Merkel cell-neurite complexes are highly sensitive touch receptors comprising epidermal Merkel cells and sensory afferents. Based on morphological and molecular studies, Merkel cells are proposed to be mechanosensory cells that signal afferents via neurotransmission; however, functional studies testing this hypothesis in intact skin have produced conflicting results. To test this model in a simplified system, we asked whether purified Merkel cells are directly activated by mechanical stimulation. Cell shape was manipulated with anisotonic solution changes and responses were monitored by Ca2+ imaging with fura-2. We found that hypotonic-induced cell swelling, but not hypertonic solutions, triggered cytoplasmic Ca2+ transients. Several lines of evidence indicate that these signals arise from swelling-activated Ca2+-permeable ion channels. First, transients were reversibly abolished by chelating extracellular Ca2+, demonstrating a requirement for Ca2+ influx across the plasma membrane. Second, Ca2+ transients were initially observed near the plasma membrane in cytoplasmic processes. Third, voltage-activated Ca2+ channel (VACC) antagonists reduced transients by half, suggesting that swelling-activated channels depolarize plasma membranes to activate VACCs. Finally, emptying internal Ca2+ stores attenuated transients by 80%, suggesting Ca2+ release from stores augments swelling-activated Ca2+ signals. To identify candidate mechanotransduction channels, we used RT-PCR to amplify ion-channel transcripts whose pharmacological profiles matched those of hypotonic-evoked Ca2+ signals in Merkel cells. We found 11 amplicons, including PKD1, PKD2, and TRPC1, channels previously implicated in mechanotransduction in other cells. Collectively, these results directly demonstrate that Merkel cells are activated by hypotonic-evoked swelling, identify cellular signaling mechanisms that mediate these responses, and support the hypothesis that Merkel cells contribute to touch reception in the Merkel cell-neurite complex.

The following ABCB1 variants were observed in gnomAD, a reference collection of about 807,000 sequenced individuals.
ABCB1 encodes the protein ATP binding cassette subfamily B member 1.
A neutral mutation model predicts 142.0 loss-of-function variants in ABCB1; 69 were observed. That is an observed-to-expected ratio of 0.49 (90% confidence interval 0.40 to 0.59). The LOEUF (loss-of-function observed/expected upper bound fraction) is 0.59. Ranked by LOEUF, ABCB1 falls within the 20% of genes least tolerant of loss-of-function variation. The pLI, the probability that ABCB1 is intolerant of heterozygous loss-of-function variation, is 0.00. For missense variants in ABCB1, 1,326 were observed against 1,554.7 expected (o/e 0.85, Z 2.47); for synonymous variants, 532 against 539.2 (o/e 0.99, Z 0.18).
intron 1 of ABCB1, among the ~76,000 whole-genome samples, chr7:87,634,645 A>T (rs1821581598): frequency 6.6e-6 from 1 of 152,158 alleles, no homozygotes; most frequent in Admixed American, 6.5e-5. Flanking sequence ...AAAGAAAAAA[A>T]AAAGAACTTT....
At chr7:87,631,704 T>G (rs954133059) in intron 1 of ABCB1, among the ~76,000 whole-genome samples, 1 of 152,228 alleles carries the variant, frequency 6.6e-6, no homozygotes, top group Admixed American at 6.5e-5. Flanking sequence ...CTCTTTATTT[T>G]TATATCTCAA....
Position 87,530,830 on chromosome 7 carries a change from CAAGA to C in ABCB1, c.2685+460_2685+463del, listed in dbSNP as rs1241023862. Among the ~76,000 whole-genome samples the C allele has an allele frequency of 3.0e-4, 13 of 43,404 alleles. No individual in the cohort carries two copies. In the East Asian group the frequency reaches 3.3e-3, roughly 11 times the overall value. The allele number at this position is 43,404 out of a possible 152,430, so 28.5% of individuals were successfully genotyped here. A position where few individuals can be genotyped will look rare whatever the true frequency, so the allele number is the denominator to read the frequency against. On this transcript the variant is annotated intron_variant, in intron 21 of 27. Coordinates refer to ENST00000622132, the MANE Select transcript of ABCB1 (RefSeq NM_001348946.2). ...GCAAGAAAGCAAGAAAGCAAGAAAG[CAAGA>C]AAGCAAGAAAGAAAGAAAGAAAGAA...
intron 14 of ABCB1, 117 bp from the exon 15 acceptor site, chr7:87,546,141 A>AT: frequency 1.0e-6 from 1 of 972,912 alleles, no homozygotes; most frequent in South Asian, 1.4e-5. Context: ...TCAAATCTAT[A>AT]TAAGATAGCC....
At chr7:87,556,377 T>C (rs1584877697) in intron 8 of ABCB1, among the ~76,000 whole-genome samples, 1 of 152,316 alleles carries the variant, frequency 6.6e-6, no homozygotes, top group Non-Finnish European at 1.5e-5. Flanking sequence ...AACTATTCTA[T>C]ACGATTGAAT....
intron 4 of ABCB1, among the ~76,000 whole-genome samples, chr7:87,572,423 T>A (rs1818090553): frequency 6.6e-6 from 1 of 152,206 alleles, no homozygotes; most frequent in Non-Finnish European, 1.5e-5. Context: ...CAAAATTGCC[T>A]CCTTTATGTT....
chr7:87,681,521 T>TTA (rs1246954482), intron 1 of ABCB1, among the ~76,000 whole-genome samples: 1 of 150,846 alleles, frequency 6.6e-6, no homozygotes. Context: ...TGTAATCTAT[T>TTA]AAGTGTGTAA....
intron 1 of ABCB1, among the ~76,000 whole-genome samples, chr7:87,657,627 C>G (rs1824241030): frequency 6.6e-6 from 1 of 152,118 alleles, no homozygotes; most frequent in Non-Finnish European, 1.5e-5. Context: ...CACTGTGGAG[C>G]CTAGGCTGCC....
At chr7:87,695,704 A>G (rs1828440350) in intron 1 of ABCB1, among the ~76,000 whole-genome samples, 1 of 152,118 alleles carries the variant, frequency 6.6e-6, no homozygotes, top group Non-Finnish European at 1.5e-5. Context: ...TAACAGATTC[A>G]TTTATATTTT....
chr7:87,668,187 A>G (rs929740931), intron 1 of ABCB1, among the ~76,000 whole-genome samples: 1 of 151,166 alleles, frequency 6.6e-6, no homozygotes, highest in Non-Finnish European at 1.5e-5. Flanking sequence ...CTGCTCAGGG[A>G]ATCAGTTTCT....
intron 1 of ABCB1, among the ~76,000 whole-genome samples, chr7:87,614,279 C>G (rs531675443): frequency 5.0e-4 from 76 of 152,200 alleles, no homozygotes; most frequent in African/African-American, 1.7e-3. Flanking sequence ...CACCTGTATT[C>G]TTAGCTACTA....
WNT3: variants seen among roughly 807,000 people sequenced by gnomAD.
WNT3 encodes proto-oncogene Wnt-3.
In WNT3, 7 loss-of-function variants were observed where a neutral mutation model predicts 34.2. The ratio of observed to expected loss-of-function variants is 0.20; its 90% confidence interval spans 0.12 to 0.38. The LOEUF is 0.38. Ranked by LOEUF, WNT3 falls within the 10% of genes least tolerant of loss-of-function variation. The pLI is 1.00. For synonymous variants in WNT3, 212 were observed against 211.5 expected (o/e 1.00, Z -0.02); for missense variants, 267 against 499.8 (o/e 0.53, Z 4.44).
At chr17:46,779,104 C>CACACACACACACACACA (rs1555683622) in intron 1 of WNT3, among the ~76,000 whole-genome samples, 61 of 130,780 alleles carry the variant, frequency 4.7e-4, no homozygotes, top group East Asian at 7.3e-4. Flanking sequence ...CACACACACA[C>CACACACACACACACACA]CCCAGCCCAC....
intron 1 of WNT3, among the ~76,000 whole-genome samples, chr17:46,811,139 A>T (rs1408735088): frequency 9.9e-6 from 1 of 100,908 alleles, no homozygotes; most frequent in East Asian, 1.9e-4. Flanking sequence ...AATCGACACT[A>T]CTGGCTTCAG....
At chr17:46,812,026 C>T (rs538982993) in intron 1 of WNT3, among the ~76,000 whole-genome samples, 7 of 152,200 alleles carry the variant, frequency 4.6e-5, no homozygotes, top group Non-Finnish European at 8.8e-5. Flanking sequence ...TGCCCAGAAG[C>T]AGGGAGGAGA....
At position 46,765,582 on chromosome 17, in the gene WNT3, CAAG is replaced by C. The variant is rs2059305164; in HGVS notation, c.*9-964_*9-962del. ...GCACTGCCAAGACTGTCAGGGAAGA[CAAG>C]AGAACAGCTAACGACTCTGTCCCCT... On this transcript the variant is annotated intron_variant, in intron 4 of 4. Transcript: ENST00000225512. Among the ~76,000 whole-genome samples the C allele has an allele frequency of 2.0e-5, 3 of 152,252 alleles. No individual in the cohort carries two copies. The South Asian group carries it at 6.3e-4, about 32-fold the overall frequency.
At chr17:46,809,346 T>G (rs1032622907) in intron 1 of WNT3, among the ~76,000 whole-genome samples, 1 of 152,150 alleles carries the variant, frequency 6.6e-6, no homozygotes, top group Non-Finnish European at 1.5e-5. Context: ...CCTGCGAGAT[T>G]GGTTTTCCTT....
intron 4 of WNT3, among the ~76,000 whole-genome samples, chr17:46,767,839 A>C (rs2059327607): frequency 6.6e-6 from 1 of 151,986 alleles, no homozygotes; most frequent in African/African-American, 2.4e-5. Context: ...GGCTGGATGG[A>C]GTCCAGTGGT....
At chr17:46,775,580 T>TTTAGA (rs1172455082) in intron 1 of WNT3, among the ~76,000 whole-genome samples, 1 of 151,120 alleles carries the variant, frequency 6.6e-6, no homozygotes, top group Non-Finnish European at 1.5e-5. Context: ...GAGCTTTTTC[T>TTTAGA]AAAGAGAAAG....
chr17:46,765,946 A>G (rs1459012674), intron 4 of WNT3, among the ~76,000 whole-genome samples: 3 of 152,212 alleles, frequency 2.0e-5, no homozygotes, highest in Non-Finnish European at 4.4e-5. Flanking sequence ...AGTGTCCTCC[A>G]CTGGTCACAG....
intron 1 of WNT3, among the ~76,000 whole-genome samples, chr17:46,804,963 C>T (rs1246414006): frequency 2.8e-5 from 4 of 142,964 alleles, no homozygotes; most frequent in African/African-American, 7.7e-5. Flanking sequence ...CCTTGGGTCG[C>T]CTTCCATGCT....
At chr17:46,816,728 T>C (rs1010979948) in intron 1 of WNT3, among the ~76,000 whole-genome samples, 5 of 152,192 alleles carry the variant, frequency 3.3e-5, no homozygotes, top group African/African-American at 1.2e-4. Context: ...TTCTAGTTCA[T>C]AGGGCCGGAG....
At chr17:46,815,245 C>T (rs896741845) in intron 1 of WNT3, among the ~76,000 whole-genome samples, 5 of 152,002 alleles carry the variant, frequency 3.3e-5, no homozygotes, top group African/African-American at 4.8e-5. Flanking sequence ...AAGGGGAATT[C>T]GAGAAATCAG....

Show MeSH
Related in: MedlinePlus